Wind Turbine And Apartments In The Same Building

Wind Turbine And Apartments In The Same Building

How cool would it be to tell people you live inside of a wind turbine? Designed for the port city of Rotterdam, the Dutch "Windwheel" is a concept for a sustainable landmark that would be able to house 72 apartments within a circular steel and glass frame, while also serving as a silent, motionless wind turbine. In addition to harvesting energy from the wind, the structure would be equipped with facilities to capture rainwater, recycle tap water and also produce biogas from the residents' organic waste.

The "Windwheel" is composed of two rings built on an underground foundation and surrounded by wetlands so as to give the structure the appearance of floating. The outer ring houses 40 rotating cabins to provide visitors with impressive views of Rotterdam-much as the London Eye does in the UK. The inner ring houses 72 apartments, 160 hotel rooms, and commercial outlets and is topped off with a restaurant.

Perhaps the most striking detail of the 174 meter tall "Windwheel", other than its appearance, is the turbine that fills the inner ring of the building. The electrostatic wind energy converter (EWICON) is a technology that was developed at TU Delft and converts wind energy with a framework of steel tubes into electricity without moving mechanical parts. This means no noise and much easier maintenance. Within the interior of the massive ringed structure would be a set of steel tubes ringed with electrodes, sort of like a tennis racket. Sprayers would then emit charged water particles, and electricity would be generated when the wind pushes these particles past the electrodes.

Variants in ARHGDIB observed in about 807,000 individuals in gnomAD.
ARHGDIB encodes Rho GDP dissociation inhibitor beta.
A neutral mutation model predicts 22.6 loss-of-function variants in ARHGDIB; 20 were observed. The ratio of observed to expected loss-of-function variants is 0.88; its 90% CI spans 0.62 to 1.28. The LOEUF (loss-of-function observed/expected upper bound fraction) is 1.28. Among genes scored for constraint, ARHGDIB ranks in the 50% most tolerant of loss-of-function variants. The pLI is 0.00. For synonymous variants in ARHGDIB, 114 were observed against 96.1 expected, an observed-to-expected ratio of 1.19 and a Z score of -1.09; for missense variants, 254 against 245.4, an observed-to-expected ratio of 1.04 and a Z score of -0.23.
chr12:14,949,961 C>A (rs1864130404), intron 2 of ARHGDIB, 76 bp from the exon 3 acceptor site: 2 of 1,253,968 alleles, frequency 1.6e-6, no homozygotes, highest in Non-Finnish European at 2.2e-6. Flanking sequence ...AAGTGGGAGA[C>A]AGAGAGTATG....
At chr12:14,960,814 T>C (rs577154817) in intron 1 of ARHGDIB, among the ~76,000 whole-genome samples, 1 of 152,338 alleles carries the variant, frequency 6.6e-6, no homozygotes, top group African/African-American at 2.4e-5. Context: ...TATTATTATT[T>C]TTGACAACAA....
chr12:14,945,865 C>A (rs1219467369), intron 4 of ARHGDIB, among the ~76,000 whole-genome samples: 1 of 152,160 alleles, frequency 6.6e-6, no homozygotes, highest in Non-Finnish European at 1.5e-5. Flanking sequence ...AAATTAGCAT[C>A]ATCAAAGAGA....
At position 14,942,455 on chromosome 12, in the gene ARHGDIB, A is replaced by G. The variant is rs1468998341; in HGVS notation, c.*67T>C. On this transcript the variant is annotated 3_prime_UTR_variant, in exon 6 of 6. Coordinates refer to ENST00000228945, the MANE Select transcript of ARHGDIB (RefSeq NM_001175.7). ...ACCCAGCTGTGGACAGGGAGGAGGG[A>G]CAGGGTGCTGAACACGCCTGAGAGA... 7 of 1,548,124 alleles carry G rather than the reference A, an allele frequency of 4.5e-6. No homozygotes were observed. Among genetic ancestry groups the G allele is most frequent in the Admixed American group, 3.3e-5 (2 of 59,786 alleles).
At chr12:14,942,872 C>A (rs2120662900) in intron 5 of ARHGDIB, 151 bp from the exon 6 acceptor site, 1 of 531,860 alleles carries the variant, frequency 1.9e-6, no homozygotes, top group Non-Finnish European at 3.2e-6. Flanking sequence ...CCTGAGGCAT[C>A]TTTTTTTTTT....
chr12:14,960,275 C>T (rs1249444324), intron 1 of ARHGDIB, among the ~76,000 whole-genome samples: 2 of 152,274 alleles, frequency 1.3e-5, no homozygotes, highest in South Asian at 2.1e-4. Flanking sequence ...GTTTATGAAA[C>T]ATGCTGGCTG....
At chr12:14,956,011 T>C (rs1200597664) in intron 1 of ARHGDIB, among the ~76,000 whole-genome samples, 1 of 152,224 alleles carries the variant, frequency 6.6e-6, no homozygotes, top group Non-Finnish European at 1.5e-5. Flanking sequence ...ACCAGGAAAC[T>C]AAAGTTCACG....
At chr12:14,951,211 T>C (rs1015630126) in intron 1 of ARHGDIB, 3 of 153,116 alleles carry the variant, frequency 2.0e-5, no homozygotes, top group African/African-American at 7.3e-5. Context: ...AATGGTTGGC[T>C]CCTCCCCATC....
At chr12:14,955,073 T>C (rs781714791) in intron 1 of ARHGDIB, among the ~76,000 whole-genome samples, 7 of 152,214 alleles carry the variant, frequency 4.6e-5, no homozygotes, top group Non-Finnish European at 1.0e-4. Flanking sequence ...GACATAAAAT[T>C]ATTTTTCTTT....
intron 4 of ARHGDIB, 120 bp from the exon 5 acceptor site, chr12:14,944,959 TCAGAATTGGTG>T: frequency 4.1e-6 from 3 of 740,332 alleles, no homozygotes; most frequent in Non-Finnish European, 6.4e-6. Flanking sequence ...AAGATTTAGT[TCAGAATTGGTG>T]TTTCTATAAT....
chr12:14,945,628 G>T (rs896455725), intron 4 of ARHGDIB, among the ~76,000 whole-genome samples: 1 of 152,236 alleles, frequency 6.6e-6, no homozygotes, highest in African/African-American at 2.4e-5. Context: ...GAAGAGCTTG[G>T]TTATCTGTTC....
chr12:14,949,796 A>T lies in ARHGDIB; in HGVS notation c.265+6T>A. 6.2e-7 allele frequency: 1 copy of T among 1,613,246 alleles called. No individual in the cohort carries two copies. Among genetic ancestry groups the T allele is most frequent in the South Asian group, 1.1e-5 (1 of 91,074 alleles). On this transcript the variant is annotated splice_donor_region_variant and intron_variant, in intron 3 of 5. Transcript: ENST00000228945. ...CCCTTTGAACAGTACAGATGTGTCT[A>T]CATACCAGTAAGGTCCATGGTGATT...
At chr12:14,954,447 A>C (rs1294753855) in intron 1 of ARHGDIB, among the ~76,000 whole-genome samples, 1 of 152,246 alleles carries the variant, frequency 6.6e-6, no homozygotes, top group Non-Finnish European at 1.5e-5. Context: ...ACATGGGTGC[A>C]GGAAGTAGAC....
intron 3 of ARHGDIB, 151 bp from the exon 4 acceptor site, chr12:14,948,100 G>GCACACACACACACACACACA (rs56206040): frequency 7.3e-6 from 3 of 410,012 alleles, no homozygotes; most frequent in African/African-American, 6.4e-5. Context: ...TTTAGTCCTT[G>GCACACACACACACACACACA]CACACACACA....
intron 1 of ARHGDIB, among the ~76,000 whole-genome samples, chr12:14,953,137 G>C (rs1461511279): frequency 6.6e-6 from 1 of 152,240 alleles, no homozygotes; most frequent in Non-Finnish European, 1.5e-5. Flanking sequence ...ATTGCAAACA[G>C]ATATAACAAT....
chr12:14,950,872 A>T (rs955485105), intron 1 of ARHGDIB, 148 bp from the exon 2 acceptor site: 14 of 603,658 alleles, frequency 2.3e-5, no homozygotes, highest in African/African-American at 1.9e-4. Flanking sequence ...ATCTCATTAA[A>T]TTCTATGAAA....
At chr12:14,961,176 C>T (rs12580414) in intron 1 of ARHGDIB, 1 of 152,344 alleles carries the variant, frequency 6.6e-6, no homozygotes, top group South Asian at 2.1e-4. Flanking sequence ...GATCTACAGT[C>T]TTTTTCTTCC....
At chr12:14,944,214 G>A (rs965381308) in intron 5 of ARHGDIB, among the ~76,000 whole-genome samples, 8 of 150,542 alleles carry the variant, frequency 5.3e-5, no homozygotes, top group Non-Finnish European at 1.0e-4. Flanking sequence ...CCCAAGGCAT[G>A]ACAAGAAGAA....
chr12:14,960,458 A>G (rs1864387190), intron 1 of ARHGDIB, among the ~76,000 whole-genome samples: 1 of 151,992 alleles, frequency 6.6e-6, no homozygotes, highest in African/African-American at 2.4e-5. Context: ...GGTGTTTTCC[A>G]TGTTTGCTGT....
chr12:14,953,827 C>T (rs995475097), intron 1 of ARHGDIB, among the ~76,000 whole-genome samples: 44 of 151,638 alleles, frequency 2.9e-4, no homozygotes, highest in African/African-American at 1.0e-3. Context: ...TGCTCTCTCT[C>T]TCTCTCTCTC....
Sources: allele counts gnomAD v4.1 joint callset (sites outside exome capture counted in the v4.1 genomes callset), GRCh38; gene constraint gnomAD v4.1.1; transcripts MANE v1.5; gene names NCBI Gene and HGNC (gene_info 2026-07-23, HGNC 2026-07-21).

According to architect Duzan Doepel of Doepel Strijkers, the firm designing the project, the idea is to create an icon like the London Eye that will both attract tourists and showcase cutting-edge technology. He expects they may be able to finish the structure within five to six years, and estimates suggest it may attract up to 1.5 million visitors a year.

The proposed "Windwheel" is also equipped with solar PVs and a climactic facade to make the best use of natural resources. The building's water usage is also carefully managed, with rainwater captured atop the structure, and tap water fed into the wetlands that surround the "Windwheel". Furthermore, biogas is also produced from the residents' waste.